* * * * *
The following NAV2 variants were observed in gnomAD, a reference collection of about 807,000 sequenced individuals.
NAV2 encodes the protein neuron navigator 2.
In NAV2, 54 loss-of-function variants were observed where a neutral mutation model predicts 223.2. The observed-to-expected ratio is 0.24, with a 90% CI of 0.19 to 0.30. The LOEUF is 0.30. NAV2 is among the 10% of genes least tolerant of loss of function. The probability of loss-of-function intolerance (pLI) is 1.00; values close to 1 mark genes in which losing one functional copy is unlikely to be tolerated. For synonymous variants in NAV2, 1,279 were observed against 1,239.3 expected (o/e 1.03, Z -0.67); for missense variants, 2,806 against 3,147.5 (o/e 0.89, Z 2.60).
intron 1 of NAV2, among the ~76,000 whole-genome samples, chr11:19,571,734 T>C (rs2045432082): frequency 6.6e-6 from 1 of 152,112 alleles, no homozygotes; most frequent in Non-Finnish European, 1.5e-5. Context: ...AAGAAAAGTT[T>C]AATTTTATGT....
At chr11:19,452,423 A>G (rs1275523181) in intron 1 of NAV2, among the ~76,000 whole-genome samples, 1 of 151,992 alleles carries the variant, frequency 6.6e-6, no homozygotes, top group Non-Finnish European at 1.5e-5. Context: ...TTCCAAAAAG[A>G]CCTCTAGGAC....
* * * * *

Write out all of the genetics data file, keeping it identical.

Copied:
The following NAV2 variants were observed in gnomAD, a reference collection of about 807,000 sequenced individuals.
NAV2 encodes the protein neuron navigator 2.
In NAV2, 54 loss-of-function variants were observed where a neutral mutation model predicts 223.2. The observed-to-expected ratio is 0.24, with a 90% CI of 0.19 to 0.30. The LOEUF is 0.30. NAV2 is among the 10% of genes least tolerant of loss of function. The probability of loss-of-function intolerance (pLI) is 1.00; values close to 1 mark genes in which losing one functional copy is unlikely to be tolerated. For synonymous variants in NAV2, 1,279 were observed against 1,239.3 expected (o/e 1.03, Z -0.67); for missense variants, 2,806 against 3,147.5 (o/e 0.89, Z 2.60).
intron 1 of NAV2, among the ~76,000 whole-genome samples, chr11:19,571,734 T>C (rs2045432082): frequency 6.6e-6 from 1 of 152,112 alleles, no homozygotes; most frequent in Non-Finnish European, 1.5e-5. Context: ...AAGAAAAGTT[T>C]AATTTTATGT....
At chr11:19,452,423 A>G (rs1275523181) in intron 1 of NAV2, among the ~76,000 whole-genome samples, 1 of 151,992 alleles carries the variant, frequency 6.6e-6, no homozygotes, top group Non-Finnish European at 1.5e-5. Context: ...TTCCAAAAAG[A>G]CCTCTAGGAC....